The persona: REFINED. Despite all of the OBVIOUS effort to believe otherwise, D’Angel is quite a cool person (she signed like four autographs for my niece) and she has, in almost every public situation I’ve seen her in post-foolishness era, come off quite well. She also spends quite a bit of time working with charities, especially with youth girls. Sexy with a heart. Gotta love it.

04.Alaine - Jamaica, Reggae/Dancehall

If the forthcoming Sweety isn’t my favourite then CERTAINLY that distinction goes to Alaine on a musical level. Probably the best way to describe her is the second coming of Nadine Sutherland (who could also have been on this list) as just a BEAUTIFUL and NECESSARY singer in the game. Alaine’s music is just about as beautiful and lovely as she is as well: You look like that and can sing a song like that??? Are you perfect?

The look: Try really hard to find a picture of Alaine NOT showing off what is clearly her greatest physical asset: That downright INFECTIOUS SMILE. Alaine is, as a whole (no pun intended) probably not as attractive as some of the women whom she outranks on this list, but her smile is EASILY the best on this list, she makes you want to smile!

The persona: PRISTINE. Alaine has all the makings of someone who RARELY screws up at anything and as strange as it sounds, we need someone like that in Dancehall today. She is the complete opposite bookend to the Vybz Kartels and Bounty Killers of the world and as her combinations show with the likes of Beenie Man, Beres Hammond and most recently Tarrus Riley, simply her presence makes people want to do better.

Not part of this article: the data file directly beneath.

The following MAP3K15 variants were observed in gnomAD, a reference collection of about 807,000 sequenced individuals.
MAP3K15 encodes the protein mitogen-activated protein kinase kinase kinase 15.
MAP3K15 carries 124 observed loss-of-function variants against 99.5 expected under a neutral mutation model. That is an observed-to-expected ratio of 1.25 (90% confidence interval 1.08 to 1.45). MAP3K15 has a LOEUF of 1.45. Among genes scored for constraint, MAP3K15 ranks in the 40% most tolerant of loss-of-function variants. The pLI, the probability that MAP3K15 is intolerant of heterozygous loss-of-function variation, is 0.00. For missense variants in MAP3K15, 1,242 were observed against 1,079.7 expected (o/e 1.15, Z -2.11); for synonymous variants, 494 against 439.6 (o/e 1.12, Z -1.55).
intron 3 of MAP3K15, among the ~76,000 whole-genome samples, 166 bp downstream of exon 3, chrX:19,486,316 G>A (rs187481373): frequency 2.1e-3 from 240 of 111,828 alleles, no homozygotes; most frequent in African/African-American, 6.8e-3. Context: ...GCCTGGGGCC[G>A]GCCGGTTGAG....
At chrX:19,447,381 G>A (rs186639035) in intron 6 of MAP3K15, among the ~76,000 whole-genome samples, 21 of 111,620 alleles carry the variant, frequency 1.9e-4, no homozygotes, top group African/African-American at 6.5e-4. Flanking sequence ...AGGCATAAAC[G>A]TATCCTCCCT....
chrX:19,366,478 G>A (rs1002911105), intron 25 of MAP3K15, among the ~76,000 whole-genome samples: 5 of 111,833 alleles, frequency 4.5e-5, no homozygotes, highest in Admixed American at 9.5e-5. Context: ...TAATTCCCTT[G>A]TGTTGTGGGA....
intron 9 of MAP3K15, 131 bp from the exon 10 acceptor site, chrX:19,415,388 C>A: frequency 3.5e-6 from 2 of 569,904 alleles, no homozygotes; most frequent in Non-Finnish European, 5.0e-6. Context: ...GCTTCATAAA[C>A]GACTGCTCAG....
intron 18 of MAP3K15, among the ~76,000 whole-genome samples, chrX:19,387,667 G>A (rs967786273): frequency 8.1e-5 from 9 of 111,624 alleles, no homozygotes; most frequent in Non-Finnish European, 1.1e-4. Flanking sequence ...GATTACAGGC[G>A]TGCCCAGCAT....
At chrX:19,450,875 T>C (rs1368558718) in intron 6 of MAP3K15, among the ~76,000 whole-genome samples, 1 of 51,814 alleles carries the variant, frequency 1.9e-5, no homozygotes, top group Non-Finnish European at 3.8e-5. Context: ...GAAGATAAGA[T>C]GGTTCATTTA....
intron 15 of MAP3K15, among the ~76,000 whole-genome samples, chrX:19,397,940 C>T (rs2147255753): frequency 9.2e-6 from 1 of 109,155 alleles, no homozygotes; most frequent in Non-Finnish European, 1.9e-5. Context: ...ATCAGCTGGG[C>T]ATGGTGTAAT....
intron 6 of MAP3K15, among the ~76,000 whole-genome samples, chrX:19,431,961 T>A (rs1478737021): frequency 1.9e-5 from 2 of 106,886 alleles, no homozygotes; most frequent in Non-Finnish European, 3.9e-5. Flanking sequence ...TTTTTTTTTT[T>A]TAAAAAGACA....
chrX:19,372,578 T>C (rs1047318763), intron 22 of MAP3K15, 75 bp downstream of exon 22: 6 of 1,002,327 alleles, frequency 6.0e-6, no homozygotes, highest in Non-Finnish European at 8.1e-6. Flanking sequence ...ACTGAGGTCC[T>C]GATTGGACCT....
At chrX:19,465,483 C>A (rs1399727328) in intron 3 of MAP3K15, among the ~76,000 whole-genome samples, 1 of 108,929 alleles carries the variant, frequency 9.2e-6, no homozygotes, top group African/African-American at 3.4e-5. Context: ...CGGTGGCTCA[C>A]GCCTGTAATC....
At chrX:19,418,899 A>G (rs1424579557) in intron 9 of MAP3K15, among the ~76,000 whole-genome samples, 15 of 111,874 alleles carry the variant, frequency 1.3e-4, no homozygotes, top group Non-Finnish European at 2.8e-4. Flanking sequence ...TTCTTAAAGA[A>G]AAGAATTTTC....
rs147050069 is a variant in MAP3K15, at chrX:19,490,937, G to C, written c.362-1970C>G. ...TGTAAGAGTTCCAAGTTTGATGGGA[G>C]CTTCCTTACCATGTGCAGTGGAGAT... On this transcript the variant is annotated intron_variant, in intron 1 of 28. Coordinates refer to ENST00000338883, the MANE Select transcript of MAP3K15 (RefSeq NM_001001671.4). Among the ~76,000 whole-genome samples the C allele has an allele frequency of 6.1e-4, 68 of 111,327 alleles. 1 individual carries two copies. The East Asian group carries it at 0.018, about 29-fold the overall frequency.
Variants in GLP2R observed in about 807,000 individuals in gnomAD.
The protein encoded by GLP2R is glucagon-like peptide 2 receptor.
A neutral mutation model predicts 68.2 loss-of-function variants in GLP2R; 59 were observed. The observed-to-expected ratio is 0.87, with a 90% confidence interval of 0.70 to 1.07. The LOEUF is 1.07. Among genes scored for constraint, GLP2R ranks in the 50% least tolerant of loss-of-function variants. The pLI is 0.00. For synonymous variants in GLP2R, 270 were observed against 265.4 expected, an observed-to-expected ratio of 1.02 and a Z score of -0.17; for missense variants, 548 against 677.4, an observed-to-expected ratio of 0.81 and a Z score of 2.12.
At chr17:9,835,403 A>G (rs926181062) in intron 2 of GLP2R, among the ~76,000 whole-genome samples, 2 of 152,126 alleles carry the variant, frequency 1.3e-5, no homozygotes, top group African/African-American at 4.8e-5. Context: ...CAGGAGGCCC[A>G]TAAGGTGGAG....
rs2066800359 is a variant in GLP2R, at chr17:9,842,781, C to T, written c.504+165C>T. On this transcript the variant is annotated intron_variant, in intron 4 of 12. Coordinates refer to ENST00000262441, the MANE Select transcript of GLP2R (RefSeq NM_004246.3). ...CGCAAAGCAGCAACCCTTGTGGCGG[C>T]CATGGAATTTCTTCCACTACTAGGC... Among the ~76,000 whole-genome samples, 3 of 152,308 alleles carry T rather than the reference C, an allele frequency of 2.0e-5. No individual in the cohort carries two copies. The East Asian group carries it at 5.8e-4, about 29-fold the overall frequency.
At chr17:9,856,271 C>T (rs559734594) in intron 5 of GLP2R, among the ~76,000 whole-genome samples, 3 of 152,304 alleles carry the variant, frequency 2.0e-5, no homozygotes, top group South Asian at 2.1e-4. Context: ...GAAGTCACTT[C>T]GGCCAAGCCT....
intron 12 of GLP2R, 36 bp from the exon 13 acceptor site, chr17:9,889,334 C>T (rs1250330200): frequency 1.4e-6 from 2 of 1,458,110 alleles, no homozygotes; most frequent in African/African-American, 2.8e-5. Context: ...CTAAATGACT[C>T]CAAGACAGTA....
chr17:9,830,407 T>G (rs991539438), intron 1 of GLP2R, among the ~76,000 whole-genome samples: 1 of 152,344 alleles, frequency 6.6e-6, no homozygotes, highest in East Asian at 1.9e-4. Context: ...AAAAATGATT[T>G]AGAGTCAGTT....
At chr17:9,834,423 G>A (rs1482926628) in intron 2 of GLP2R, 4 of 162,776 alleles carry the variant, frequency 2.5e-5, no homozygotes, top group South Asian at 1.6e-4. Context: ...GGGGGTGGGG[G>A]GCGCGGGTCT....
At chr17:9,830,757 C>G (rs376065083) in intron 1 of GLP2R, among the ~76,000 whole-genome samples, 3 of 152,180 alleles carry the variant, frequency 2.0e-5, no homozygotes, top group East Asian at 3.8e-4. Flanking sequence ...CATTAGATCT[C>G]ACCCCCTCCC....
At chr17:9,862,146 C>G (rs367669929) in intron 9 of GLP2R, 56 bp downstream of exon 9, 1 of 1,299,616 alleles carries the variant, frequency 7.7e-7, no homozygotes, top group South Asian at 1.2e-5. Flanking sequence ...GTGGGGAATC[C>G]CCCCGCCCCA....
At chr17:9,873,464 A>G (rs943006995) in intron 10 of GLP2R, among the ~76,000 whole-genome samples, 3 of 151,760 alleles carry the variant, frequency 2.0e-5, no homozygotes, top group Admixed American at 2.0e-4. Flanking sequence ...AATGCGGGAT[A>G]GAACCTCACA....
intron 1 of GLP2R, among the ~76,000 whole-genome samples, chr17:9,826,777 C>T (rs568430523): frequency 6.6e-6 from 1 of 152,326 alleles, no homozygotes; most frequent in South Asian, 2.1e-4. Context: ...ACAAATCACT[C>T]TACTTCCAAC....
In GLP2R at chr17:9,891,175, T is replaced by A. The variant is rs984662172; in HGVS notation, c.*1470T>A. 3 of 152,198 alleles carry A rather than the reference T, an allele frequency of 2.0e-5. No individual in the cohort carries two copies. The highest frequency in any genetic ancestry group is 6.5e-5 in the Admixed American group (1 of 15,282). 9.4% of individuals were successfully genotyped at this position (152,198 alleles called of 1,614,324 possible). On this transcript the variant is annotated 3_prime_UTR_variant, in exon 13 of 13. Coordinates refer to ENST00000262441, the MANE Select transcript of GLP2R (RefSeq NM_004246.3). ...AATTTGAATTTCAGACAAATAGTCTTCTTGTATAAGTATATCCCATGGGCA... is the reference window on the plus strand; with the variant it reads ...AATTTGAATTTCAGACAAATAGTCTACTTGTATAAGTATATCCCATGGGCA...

03.Lady Sweety - Guadeloupe, Dancehall

From a strictly musical standpoint, Gwada born infallible wordstress Lady Sweety is probably my favourite artist on this list altogether. What didn’t necessarily appeal to me when listening to her second album (which I thought was her first), self titled, was how sexy she was. As I said with Nnika, she was one of two who fit my personal tastes COMPLETELY, Lady Sweety is the other and perhaps even more than Nnika.

The look: Short, compact and curvaceous in all the right areas, CLEAR, STRONG and virtually undiluted Afrikan lineage reflected in that wonderful chocolate which wraps her body and a smile as cool as it is captivating. I don’t know if she has children (I’m pretty sure she does, however) but she also has a somewhat of a MOTHERLY look to her and I like that (I live and am married to one after all) which comes across as very comforting in her appeal as well.